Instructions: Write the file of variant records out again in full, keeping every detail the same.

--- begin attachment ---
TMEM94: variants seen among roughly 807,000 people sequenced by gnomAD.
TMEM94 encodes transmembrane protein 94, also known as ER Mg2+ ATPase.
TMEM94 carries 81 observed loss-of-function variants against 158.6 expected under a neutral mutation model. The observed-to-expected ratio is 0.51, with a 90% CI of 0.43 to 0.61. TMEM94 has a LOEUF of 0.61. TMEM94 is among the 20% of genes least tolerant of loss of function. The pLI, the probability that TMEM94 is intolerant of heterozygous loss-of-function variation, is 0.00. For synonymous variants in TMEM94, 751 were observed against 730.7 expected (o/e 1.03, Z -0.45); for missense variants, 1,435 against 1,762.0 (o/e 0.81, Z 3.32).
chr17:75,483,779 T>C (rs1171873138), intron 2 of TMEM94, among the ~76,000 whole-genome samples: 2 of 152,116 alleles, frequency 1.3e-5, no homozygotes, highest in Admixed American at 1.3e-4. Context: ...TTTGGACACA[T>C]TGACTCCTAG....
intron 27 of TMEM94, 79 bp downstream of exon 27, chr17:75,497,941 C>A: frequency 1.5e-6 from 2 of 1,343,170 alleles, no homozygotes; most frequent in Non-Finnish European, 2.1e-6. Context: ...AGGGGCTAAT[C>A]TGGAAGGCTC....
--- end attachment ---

TMEM94: variants seen among roughly 807,000 people sequenced by gnomAD.
TMEM94 encodes transmembrane protein 94, also known as ER Mg2+ ATPase.
TMEM94 carries 81 observed loss-of-function variants against 158.6 expected under a neutral mutation model. The observed-to-expected ratio is 0.51, with a 90% CI of 0.43 to 0.61. TMEM94 has a LOEUF of 0.61. TMEM94 is among the 20% of genes least tolerant of loss of function. The pLI, the probability that TMEM94 is intolerant of heterozygous loss-of-function variation, is 0.00. For synonymous variants in TMEM94, 751 were observed against 730.7 expected (o/e 1.03, Z -0.45); for missense variants, 1,435 against 1,762.0 (o/e 0.81, Z 3.32).
chr17:75,483,779 T>C (rs1171873138), intron 2 of TMEM94, among the ~76,000 whole-genome samples: 2 of 152,116 alleles, frequency 1.3e-5, no homozygotes, highest in Admixed American at 1.3e-4. Context: ...TTTGGACACA[T>C]TGACTCCTAG....
intron 27 of TMEM94, 79 bp downstream of exon 27, chr17:75,497,941 C>A: frequency 1.5e-6 from 2 of 1,343,170 alleles, no homozygotes; most frequent in Non-Finnish European, 2.1e-6. Context: ...AGGGGCTAAT[C>A]TGGAAGGCTC....